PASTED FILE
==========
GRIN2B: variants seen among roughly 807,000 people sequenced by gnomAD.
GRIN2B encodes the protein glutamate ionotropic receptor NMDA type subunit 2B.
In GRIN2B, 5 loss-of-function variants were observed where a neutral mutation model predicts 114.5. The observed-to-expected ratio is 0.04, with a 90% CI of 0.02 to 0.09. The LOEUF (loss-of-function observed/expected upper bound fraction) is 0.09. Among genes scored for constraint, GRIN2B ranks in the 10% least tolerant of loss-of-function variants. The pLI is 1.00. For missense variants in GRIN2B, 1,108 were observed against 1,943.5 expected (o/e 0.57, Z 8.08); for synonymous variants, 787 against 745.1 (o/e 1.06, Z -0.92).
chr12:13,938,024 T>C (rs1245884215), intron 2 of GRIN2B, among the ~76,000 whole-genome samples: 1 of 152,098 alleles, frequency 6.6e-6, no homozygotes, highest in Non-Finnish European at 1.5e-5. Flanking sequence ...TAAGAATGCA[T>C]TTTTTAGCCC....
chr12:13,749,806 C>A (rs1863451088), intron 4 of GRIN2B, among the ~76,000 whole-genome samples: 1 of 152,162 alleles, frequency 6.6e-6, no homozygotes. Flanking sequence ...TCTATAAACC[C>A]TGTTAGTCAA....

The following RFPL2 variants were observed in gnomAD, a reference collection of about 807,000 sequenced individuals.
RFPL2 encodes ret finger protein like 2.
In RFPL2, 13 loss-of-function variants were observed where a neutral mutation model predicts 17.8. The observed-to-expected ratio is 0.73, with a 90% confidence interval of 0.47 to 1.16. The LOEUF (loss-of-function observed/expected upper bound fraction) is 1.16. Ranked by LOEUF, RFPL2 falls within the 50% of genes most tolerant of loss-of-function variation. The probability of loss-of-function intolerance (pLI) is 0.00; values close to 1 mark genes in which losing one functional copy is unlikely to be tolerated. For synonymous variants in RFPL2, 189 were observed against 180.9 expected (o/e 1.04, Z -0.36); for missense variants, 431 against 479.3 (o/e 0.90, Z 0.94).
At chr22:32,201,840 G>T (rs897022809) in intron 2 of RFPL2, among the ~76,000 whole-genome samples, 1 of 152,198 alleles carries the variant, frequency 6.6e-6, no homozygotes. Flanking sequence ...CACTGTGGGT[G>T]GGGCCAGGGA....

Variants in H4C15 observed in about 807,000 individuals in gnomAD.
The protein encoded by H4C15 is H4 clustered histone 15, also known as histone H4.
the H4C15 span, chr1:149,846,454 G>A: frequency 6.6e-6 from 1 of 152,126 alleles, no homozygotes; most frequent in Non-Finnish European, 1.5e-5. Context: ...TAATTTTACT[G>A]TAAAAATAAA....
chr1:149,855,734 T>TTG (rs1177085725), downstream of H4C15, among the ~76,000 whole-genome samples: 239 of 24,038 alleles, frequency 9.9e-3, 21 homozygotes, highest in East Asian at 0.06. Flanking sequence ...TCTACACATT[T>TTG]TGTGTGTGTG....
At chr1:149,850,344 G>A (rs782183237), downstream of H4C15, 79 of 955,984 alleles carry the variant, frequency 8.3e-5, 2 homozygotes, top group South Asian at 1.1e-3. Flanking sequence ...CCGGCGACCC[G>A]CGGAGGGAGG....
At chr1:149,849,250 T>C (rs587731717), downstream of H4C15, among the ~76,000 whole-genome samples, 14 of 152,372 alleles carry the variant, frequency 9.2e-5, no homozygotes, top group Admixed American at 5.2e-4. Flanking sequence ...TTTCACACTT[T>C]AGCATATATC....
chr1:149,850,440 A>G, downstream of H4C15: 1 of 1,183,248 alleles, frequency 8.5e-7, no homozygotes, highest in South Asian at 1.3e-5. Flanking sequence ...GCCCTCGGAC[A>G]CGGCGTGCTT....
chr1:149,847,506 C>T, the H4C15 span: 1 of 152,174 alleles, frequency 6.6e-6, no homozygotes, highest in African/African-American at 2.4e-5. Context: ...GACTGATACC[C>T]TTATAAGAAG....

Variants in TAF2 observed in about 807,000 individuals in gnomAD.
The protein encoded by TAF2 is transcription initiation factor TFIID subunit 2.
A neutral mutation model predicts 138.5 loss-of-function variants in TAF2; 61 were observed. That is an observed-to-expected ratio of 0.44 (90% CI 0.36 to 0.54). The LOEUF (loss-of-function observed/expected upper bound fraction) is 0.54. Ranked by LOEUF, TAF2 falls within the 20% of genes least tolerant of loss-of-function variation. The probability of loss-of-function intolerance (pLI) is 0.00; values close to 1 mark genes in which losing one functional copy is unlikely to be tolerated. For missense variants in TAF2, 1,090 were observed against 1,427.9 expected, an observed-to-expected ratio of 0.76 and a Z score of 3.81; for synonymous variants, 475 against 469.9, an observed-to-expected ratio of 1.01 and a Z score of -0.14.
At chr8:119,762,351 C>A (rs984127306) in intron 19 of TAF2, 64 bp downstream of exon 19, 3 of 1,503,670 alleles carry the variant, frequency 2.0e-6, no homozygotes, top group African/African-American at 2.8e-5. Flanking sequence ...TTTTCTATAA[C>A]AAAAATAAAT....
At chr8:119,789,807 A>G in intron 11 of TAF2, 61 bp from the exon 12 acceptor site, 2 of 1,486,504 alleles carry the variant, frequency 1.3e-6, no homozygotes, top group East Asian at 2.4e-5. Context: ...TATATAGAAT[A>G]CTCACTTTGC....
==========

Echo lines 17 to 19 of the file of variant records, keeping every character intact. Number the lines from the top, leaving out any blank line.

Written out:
chr1:149,847,506 C>T, the H4C15 span: 1 of 152,174 alleles, frequency 6.6e-6, no homozygotes, highest in African/African-American at 2.4e-5. Context: ...GACTGATACC[C>T]TTATAAGAAG....

Variants in TAF2 observed in about 807,000 individuals in gnomAD.
The protein encoded by TAF2 is transcription initiation factor TFIID subunit 2.